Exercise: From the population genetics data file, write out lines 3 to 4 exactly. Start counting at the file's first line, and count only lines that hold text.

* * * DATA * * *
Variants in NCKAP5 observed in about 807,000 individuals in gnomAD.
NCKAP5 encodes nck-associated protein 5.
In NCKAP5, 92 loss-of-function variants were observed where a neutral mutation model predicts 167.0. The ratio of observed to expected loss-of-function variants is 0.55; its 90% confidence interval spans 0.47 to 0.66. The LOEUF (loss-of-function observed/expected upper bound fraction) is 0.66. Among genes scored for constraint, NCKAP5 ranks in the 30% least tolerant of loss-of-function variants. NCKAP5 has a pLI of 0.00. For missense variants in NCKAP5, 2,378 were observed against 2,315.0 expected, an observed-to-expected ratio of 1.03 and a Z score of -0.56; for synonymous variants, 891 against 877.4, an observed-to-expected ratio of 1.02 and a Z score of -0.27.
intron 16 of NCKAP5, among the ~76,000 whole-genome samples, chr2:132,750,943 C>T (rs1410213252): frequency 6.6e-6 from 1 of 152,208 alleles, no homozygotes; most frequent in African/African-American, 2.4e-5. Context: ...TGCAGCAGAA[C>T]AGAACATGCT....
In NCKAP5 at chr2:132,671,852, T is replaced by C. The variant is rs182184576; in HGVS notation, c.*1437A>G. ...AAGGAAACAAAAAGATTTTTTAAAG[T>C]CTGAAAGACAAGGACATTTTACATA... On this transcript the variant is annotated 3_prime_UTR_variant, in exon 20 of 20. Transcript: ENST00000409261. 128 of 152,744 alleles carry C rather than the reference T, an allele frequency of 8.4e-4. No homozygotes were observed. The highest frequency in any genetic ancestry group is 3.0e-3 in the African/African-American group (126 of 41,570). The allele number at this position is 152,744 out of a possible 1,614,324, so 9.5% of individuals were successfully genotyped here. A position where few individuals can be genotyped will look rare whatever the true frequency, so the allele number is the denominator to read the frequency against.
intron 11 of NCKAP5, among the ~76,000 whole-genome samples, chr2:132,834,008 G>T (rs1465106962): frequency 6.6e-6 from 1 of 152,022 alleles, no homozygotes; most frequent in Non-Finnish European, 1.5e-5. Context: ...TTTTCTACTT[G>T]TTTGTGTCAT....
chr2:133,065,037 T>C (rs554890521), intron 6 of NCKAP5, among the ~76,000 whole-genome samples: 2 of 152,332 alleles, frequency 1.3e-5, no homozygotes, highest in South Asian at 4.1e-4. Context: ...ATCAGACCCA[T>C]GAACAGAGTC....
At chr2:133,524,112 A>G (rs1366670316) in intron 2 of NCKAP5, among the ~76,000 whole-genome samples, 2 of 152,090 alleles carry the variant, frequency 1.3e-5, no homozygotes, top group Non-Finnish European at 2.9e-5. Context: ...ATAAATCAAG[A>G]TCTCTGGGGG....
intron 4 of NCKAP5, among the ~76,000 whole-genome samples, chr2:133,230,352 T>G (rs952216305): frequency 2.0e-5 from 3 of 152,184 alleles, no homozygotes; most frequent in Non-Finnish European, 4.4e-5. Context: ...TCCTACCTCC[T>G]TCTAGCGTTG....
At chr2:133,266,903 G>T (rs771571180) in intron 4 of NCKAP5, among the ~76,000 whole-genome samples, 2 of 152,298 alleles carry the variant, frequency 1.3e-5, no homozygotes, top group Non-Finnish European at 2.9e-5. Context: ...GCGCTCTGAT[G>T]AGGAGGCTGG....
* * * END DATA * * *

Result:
In NCKAP5, 92 loss-of-function variants were observed where a neutral mutation model predicts 167.0. The ratio of observed to expected loss-of-function variants is 0.55; its 90% confidence interval spans 0.47 to 0.66. The LOEUF (loss-of-function observed/expected upper bound fraction) is 0.66. Among genes scored for constraint, NCKAP5 ranks in the 30% least tolerant of loss-of-function variants. NCKAP5 has a pLI of 0.00. For missense variants in NCKAP5, 2,378 were observed against 2,315.0 expected, an observed-to-expected ratio of 1.03 and a Z score of -0.56; for synonymous variants, 891 against 877.4, an observed-to-expected ratio of 1.02 and a Z score of -0.27.
intron 16 of NCKAP5, among the ~76,000 whole-genome samples, chr2:132,750,943 C>T (rs1410213252): frequency 6.6e-6 from 1 of 152,208 alleles, no homozygotes; most frequent in African/African-American, 2.4e-5. Context: ...TGCAGCAGAA[C>T]AGAACATGCT....